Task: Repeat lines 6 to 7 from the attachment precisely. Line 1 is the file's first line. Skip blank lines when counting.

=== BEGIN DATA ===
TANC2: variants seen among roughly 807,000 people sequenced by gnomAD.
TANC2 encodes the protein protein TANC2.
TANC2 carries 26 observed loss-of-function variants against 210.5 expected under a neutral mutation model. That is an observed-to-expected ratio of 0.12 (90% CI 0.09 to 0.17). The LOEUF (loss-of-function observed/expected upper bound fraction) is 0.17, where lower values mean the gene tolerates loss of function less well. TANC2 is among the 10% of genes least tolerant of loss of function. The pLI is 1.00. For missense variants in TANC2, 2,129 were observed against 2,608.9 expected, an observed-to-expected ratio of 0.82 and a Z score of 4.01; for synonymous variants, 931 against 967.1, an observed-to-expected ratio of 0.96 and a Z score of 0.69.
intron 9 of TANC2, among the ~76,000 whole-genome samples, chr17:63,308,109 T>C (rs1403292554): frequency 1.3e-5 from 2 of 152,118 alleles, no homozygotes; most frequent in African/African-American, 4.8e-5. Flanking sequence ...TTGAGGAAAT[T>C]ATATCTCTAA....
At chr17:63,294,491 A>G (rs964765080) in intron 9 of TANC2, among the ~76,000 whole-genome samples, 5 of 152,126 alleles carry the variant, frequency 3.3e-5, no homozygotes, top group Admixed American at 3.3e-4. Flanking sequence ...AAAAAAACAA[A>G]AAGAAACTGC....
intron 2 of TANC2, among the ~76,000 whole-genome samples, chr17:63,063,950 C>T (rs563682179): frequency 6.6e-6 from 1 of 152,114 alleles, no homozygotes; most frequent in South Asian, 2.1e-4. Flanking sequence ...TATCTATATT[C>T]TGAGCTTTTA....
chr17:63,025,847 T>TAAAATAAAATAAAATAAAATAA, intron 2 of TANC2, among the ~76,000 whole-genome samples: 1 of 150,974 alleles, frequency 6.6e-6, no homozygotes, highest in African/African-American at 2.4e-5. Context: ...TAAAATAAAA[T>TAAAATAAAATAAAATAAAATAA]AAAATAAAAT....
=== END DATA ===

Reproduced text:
intron 2 of TANC2, among the ~76,000 whole-genome samples, chr17:63,063,950 C>T (rs563682179): frequency 6.6e-6 from 1 of 152,114 alleles, no homozygotes; most frequent in South Asian, 2.1e-4. Flanking sequence ...TATCTATATT[C>T]TGAGCTTTTA....
chr17:63,025,847 T>TAAAATAAAATAAAATAAAATAA, intron 2 of TANC2, among the ~76,000 whole-genome samples: 1 of 150,974 alleles, frequency 6.6e-6, no homozygotes, highest in African/African-American at 2.4e-5. Context: ...TAAAATAAAA[T>TAAAATAAAATAAAATAAAATAA]AAAATAAAAT....